Saturday, September 15, 2007

Tip-in how tos and examples

Since some people need visuals, it might be helpful to know HOW to tip a page into a book. Below you'll read how I tip pages into a book:. However, the examples are already tipped in, so you'll have to use some imagination.

There is some debate over how to tip a page into a book. "To tip in" is an old phrase in book binding, and means to run a thin bead of glue along the gutter side of a page. It is then inserted into the spine of the book, where it becomes a new page.

When pages are altered they become heavier, due to the addition of embellishments. A thin bead of glue isn't strong enough in this case, so the page must be reinforced in some way.

What you need:
Exacto type knife
Small cutting mat
Steel ruler with cork bottom
Red-liner double sided tape

Place cutting mat next to gutter under 2 consecutive pages. Place ruler about 1/4 to ½½ inch away from the gutter side of the page. Cut pages with knife held firmly against ruler, creating little tabs. Place a strip of red-liner tape on both inner sides of the tabs. Remove protective strip one side at a time. Insert your tip-in page,one side at a time, and smooth flat.

The page on the right is the FRONT of a Mardi Gras tip in for a swap I hosted in 2005. I used rather heavy CS and the embellishments made it a bit heavy, too. You can see the flap is about 1/2" wide and the mask is not centered on the page, but IS centered when I made allowances for the flap.

This is the back side of the tip-in. You can see the placement of the elements is reversed. I chose this page because of the high contrast between the book flap and the backgrounds. My scanner doesn't have great depth scanning capabilities, so you have to use your imagination. I think you can tell where the book flap begins, though.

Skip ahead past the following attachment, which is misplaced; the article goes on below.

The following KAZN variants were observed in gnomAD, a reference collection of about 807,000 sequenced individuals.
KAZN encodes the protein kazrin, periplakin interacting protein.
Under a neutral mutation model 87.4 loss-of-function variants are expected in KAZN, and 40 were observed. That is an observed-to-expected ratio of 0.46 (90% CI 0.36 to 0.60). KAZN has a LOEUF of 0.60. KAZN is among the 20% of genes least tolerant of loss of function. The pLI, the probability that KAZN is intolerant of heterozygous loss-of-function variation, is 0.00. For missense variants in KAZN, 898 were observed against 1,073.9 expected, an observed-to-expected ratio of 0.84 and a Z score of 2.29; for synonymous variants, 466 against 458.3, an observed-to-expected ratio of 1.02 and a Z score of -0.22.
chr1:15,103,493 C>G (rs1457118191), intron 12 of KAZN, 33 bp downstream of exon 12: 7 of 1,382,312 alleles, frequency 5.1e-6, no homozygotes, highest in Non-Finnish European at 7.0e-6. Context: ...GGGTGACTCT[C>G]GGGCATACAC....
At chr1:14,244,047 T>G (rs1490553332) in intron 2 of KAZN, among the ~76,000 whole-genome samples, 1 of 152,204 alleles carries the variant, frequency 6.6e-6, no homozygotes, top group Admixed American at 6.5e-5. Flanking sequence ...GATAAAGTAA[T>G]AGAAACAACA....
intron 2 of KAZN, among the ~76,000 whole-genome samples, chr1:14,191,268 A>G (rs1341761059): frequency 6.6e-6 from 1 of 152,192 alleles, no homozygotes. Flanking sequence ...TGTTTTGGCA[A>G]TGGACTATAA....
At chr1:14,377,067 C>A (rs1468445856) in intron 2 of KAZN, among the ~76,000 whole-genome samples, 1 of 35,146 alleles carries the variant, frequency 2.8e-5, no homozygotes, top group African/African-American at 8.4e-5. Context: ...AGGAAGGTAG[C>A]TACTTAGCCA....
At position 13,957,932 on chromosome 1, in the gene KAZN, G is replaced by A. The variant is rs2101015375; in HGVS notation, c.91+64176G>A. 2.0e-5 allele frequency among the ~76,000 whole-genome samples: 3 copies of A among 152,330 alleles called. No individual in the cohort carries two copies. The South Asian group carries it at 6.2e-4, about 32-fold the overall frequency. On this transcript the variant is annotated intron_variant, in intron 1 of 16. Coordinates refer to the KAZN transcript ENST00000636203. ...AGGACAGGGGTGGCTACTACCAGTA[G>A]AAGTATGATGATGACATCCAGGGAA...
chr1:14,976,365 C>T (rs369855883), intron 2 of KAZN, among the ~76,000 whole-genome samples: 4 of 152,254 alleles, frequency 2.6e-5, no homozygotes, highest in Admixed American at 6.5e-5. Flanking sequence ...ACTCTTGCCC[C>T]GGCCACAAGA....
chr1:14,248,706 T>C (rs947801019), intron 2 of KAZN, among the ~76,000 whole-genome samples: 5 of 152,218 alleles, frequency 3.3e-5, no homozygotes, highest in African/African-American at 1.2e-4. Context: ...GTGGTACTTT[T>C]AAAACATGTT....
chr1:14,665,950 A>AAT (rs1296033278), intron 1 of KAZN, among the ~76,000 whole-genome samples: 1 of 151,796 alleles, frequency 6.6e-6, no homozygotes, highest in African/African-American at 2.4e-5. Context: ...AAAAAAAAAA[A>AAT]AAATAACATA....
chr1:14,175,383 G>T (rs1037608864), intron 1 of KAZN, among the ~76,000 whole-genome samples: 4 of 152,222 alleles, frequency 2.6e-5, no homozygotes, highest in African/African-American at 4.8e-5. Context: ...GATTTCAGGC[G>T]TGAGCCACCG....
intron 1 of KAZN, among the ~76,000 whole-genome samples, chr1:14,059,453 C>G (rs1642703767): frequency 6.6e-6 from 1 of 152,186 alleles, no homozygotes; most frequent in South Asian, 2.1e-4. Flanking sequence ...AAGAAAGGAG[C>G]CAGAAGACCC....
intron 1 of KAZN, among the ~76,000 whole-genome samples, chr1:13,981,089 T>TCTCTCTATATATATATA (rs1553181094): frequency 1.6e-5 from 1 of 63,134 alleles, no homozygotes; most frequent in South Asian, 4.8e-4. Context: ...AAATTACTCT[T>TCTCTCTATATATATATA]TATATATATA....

I should explain that below is my tip-in for a 5 for 5 Junk Mail swap. The rules were that we had to use JUNK MAIL only. I made them all the same, except for the colors and the center photo on the front page

The photo to the right of this text shows an example of the front of the tip-in. You can see I cut my window slightly off center to make up for the flaps. When installed, it doesn't look as offset as it does before it's tipped in. Also note the flaps are narrower because the tip-in didn't have any embellishments.

The photo below shows the backside of my tip-in. Note that the doll and other elements are offset enough to compensate for the flap.

Also on the right, you can see that the facing page (blue background, not my tip-in) flap is jagged. This shows why you MUST keep a fresh blade in your knife at all times. There was less contrast between the flaps in the book and the background on this tip-in. It all depends on what you want to accomplish or the look you want to achieve as to whether you make your background bold or white. However, like with the Mardi Gras tip-in, your theme often dictates your background color or technique.

Click on any of the above for a larger view.

1 thoughtful remarks:

Anonymous said...

I'm back again and just about to read the new post! I cranked out 2 tip ins and managed to avoid the middle fold and the left edge with
embellishments, lol! Thank you so much as your help is greatly